only a few more days of doing whatever exercise I want to and then it's back to it. It's been nice relaxing and not worrying about heart rates, etc. Latz,

Monday, September 26, 2005


This weekend I did the inagural LAF Ride held in Portland, OR. My dad had a generous donation of them using their airstreams during the festivities and so he got some extra tickets to do the ride as a result. I took my friend Kristin and we drove down Saturday afternoon. That night we were invited to the pasta feed at Nike with Lance, Bob Roll, Eddy Meryx and George Hincapie. There were about 350 people in the room - so the chance of getting near Lance for an autograph was nearly impossible. My grandfather was persistent though to get an autograph for Max, his great grandson - and managed to get one. Kristin and I had our photos taken with Bob Roll - the character. It was a good time! Several people shared their cancer stories of survival and fights - one husband raised over $20,000 in honor of his wife who watched the Tour this summer while battling severe chemo treatments. It was moving.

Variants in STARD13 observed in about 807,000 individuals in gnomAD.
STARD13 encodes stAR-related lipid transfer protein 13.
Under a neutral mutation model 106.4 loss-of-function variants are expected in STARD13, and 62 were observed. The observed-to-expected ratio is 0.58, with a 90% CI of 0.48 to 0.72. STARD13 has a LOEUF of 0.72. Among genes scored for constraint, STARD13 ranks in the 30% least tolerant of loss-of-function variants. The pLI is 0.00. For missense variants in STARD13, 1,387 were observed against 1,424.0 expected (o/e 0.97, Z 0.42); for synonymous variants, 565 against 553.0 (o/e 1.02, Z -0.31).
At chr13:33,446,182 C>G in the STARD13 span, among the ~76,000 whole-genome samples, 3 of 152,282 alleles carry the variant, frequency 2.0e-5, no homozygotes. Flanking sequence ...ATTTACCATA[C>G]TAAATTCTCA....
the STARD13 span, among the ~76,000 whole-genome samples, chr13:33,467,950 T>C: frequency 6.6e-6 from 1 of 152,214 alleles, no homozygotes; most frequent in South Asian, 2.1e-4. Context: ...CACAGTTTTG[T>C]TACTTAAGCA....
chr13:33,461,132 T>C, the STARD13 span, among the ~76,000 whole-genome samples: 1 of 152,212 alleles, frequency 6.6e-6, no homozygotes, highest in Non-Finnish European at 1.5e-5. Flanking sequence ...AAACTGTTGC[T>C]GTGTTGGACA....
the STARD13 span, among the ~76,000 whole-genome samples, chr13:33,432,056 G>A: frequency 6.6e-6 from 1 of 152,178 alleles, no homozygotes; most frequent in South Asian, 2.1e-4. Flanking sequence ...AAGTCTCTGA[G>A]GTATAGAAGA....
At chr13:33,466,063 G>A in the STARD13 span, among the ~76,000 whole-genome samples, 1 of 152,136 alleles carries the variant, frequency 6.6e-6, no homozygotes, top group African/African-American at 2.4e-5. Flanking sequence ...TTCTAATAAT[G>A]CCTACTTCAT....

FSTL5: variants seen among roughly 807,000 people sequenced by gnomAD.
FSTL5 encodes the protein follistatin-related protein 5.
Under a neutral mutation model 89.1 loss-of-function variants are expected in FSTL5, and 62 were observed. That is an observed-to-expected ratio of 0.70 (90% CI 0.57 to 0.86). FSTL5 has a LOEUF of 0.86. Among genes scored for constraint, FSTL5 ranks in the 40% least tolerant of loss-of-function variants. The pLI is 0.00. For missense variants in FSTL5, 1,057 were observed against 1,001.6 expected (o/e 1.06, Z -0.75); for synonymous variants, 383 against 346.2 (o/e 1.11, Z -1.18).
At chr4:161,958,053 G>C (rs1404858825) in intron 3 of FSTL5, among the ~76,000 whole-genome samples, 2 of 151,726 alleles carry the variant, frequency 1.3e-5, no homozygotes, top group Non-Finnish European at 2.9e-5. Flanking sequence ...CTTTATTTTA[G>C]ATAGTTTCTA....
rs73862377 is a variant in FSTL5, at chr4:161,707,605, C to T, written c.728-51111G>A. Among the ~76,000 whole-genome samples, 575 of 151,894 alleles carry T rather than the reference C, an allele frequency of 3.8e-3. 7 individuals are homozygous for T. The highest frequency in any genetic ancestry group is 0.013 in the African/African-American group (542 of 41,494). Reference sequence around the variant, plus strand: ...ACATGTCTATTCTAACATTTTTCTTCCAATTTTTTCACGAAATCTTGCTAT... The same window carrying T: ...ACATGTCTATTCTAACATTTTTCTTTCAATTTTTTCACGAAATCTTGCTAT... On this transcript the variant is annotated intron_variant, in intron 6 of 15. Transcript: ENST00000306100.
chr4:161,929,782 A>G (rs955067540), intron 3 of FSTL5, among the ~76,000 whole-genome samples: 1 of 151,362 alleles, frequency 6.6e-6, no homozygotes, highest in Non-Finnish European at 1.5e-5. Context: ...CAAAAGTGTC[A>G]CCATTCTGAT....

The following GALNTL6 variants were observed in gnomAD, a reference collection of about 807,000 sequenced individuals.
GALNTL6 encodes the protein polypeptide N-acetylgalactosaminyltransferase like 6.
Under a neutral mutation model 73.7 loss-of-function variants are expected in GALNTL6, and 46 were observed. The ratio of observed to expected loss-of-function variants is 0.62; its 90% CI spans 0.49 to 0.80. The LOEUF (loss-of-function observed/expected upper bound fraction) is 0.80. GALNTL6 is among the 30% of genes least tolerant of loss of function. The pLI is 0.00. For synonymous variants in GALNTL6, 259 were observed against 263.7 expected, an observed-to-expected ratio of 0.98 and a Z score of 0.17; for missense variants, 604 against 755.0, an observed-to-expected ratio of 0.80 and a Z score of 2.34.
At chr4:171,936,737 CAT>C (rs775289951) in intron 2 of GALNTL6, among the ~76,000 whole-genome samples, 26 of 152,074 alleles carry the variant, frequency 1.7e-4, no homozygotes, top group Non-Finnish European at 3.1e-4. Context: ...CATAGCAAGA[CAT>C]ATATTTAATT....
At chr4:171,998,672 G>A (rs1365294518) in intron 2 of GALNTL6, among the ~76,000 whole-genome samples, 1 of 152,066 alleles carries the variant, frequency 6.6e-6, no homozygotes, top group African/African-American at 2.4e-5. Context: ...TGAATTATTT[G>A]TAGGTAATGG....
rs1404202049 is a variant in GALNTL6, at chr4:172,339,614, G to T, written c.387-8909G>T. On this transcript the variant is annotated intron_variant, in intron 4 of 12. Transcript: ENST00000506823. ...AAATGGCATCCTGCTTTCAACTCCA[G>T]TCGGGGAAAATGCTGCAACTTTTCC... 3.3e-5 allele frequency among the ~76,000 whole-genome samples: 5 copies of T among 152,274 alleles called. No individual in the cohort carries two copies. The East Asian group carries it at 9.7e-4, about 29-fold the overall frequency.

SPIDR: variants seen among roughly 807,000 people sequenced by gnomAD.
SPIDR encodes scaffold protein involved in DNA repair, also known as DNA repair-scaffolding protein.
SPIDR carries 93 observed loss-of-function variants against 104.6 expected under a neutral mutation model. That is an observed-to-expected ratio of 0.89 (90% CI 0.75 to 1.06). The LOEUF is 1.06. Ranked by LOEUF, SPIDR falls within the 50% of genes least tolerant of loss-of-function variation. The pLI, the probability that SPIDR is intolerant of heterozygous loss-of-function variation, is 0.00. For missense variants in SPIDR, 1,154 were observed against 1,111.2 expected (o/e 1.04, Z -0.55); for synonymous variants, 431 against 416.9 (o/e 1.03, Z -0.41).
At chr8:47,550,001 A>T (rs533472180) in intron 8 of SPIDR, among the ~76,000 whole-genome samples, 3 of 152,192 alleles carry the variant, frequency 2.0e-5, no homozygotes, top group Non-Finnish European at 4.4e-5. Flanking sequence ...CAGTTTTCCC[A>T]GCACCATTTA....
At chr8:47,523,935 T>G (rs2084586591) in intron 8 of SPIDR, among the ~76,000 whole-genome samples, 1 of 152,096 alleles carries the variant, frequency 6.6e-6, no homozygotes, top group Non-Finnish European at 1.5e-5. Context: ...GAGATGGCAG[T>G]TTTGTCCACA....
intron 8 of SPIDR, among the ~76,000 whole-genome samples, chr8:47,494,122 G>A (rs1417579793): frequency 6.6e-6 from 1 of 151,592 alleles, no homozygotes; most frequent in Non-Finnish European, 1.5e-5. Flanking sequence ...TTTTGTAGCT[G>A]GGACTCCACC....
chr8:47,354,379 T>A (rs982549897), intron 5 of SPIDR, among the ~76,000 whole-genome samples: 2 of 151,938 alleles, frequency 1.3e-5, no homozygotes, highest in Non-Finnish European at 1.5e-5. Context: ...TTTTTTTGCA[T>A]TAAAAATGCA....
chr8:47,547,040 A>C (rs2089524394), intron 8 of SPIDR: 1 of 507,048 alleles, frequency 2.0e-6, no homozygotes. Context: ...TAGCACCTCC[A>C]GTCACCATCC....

The following morning we woke up bright and early to chilly 43 degree weather - with 80 degree sun promised for later in the day. Dressed in layers, we departed the Nike head quarters for a 100 mile ride with nearly 4500 feet of climbing. Luckily the climb was in the morning - with 17% grade in some sections - and descent speeds in the upper 40s. It was thrilling cruising down that climb - a little scary but talk about endorphines!